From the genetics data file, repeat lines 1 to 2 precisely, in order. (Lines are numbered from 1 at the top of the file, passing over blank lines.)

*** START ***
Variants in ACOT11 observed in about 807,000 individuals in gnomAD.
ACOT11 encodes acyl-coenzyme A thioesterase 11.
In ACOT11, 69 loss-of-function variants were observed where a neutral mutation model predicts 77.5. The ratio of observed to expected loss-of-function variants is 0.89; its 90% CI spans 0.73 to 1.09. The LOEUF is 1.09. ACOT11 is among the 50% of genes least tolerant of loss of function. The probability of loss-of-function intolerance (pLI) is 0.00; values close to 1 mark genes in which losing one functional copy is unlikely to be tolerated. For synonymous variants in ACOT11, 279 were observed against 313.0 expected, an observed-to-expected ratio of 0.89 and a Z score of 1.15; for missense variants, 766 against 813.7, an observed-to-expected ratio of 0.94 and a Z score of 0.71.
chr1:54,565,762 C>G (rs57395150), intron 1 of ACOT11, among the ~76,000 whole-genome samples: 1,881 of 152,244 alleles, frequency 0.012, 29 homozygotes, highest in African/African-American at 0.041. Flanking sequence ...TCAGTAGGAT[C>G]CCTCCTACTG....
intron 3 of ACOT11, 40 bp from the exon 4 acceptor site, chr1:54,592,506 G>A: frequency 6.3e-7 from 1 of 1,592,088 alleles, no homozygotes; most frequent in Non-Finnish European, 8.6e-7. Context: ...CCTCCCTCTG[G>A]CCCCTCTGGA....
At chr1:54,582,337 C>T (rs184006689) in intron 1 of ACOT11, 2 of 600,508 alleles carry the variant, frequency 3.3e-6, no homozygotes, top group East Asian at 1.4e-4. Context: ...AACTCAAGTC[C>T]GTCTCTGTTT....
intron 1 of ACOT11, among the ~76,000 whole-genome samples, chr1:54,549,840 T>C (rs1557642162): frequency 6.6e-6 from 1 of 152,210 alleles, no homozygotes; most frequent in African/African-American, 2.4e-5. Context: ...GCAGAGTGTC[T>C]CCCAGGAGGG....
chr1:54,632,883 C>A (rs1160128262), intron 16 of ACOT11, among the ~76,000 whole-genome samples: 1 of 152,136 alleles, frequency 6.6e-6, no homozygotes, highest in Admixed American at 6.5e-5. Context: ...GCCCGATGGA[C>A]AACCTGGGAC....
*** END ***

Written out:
Variants in ACOT11 observed in about 807,000 individuals in gnomAD.
ACOT11 encodes acyl-coenzyme A thioesterase 11.